IOWA CITY — Entering this season, there wasn’t doubt about Ricky Stanzi’s leadership skills at quarterback or his ability to perform in clutch situations.
But would he, could he shed all those interceptions?
His 15 picks — four of which were returned for touchdowns — was the bright red number that probably kept Stanzi from being on more preseason all-this and all-that teams and watchlists. Even with his 18-4 career record as a starter.
Four games into this season, and Stanzi’s totally in the black, stats-wise. Nine TD passes, just one interception. And the pick should have been caught by Marvin McNutt instead of caroming into Arizona cornerback Trevin Wade’s hands for an easy return for a touchdown. Typically, Stanzi said the interception was his fault, not his receiver’s.
Stanzi is fifth in the nation in passing efficiency. His numbers have a strange symmetry. He has 66 completions, and has completed 66.66 percent of his throws. His longest completion was 66 yards. He has thrown 99 passes, and has 999 passing yards to go with those 9 touchdowns.
“C’mon, you know me,” Stanzi said Tuesday. “You’ve been talking to me for three years. When have I ever talked about statistics?
The only one of his stats the senior can probably recite is a 1. One interception.
“With any quarterback, the first thing is interceptions,” he said. “If you cut down those, the other statistics kind of tend to go up.”
Iowa Coach Kirk Ferentz isn’t a big stats guy himself, at least not through four nonconference games.
“I think (Stanzi) is enjoying the luxury of being an experienced player,” Ferentz said. “He’s always been very committed, worked extremely hard. He’s off to a real good start. I didn’t realize he was that high statistically.”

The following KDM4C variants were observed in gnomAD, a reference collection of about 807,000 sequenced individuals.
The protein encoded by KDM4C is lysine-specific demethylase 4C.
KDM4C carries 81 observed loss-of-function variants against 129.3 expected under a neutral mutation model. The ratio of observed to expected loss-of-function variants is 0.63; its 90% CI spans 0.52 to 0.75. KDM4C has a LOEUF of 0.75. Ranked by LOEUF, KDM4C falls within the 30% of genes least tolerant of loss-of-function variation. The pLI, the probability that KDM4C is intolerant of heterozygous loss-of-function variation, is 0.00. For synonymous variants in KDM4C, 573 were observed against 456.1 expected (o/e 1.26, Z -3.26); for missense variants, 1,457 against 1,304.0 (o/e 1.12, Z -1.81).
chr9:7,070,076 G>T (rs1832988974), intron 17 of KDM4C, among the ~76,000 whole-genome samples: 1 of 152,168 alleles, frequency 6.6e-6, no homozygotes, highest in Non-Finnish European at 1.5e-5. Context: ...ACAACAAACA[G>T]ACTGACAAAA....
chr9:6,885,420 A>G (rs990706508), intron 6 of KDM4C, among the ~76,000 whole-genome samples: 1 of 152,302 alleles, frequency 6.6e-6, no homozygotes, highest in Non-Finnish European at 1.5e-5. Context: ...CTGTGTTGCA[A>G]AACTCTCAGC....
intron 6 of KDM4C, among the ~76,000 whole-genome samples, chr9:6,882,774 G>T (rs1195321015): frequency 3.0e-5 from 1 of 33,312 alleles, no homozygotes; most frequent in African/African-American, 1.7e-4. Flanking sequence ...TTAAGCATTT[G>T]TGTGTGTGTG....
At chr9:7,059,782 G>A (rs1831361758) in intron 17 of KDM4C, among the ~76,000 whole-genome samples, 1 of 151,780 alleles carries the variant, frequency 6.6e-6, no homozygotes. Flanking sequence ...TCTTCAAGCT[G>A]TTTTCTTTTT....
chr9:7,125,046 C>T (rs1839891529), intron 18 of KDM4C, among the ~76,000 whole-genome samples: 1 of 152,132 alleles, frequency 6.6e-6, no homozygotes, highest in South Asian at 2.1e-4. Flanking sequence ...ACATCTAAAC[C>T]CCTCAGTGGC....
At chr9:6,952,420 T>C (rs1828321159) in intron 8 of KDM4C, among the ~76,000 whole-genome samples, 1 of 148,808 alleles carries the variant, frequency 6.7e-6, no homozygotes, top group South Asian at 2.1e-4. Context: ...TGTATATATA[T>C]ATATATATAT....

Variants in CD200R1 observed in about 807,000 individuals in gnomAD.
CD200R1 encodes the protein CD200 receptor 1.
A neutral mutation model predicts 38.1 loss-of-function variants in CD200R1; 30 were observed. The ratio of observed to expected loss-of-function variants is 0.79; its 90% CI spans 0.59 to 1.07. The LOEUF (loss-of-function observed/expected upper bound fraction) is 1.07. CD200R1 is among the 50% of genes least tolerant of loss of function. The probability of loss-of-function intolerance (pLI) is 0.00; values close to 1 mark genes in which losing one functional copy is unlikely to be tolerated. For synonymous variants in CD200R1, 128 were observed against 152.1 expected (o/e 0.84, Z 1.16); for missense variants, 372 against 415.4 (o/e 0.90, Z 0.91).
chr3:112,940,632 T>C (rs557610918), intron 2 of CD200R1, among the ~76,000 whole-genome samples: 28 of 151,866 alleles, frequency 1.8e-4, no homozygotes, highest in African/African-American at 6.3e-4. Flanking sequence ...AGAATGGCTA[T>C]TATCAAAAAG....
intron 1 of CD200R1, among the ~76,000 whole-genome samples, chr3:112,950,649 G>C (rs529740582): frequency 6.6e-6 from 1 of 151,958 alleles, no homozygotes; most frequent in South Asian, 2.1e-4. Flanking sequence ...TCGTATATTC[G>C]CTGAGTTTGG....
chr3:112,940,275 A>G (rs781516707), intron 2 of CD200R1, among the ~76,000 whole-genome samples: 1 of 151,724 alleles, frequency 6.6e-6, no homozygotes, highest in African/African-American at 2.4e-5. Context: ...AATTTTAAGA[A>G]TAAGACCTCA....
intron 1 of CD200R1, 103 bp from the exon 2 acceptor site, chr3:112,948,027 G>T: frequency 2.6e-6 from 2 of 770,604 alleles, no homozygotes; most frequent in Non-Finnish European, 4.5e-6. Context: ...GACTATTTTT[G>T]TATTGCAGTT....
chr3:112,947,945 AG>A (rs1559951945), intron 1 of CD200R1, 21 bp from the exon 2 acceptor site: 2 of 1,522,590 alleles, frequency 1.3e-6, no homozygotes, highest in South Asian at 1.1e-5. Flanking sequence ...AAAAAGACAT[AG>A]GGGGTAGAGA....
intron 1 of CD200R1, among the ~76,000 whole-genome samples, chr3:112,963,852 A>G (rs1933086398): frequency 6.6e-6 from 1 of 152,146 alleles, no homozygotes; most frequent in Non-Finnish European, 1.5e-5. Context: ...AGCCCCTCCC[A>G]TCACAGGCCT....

We haven’t seen Overreaching Ricky this season. He deferred to Cool Hand Ricky, seizing what’s readily available instead of chasing riskier gains.
“I’m trying to step back, not do everything,” Stanzi said, “let the offensive guys do what they have to do and do my job, which is to get them the ball if possible. And if not, check it down or check to a run, and live with it. If we have to punt, we have to punt. Then we’ll stop ‘em and get the ball back.
“A lot of it has to do with not trying to force it. If something doesn’t look right, trust your instincts. Just because you practice it doesn’t mean you have to throw it. … Doing less has almost been more for us at times. Not trying to convert every third-down just because you feel you have to, understanding that it’s OK to punt. Either score or punt. If it’s punt, that’s fine.”
There’s a word for that kind of approach: Wiser.
“I would hope so,” said Stanzi. “Last year I definitely made my fair share of dumb decisions, Vice versa, (this year) they’re being called smart decisions.”
Ferentz said Tuesday he wasn’t sure why Penn State would be considered the underdog.”
Well, I am. Besides having the home-field advantage, Iowa has the experienced quarterback. Fifth-year senior, third-year starter Stanzi goes against first-year freshman Robert Bolden.
“I know when I was a freshman I was in no way, shape or form ready to step out on the field and play a football game.”
It’s called growth. As Sherlock Holmes once told his flustered assistant, Dr. Watson: “Patience is a virtue, Watson. You should learn to cultivate it.”
“We’ve put a lot of effort into that frame of mind,” Stanzi said. “It’s kind of become a way of thinking right now, playing the quarterback position.”
Penn State or Iowa? Who do you think should have the edge at quarterback Saturday night? Is it really even debatable?